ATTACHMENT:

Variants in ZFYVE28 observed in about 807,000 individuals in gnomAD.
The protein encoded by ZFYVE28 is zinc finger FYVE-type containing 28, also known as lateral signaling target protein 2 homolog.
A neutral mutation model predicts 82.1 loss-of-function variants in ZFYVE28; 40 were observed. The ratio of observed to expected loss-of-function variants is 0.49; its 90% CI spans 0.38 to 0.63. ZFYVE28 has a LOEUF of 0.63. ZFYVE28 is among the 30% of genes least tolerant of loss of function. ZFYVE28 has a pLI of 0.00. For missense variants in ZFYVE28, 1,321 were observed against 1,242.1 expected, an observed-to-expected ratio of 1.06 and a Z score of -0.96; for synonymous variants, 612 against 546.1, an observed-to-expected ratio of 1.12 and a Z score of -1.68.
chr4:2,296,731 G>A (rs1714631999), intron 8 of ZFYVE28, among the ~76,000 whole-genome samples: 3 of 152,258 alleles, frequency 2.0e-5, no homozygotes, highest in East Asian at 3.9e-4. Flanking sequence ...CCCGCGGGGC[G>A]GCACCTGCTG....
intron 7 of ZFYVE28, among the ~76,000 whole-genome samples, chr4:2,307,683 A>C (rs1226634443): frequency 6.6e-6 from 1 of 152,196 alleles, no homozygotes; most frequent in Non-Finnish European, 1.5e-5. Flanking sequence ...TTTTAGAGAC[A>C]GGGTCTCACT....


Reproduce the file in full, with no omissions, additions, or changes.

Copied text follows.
Variants in ZFYVE28 observed in about 807,000 individuals in gnomAD.
The protein encoded by ZFYVE28 is zinc finger FYVE-type containing 28, also known as lateral signaling target protein 2 homolog.
A neutral mutation model predicts 82.1 loss-of-function variants in ZFYVE28; 40 were observed. The ratio of observed to expected loss-of-function variants is 0.49; its 90% CI spans 0.38 to 0.63. ZFYVE28 has a LOEUF of 0.63. ZFYVE28 is among the 30% of genes least tolerant of loss of function. ZFYVE28 has a pLI of 0.00. For missense variants in ZFYVE28, 1,321 were observed against 1,242.1 expected, an observed-to-expected ratio of 1.06 and a Z score of -0.96; for synonymous variants, 612 against 546.1, an observed-to-expected ratio of 1.12 and a Z score of -1.68.
chr4:2,296,731 G>A (rs1714631999), intron 8 of ZFYVE28, among the ~76,000 whole-genome samples: 3 of 152,258 alleles, frequency 2.0e-5, no homozygotes, highest in East Asian at 3.9e-4. Flanking sequence ...CCCGCGGGGC[G>A]GCACCTGCTG....
intron 7 of ZFYVE28, among the ~76,000 whole-genome samples, chr4:2,307,683 A>C (rs1226634443): frequency 6.6e-6 from 1 of 152,196 alleles, no homozygotes; most frequent in Non-Finnish European, 1.5e-5. Flanking sequence ...TTTTAGAGAC[A>C]GGGTCTCACT....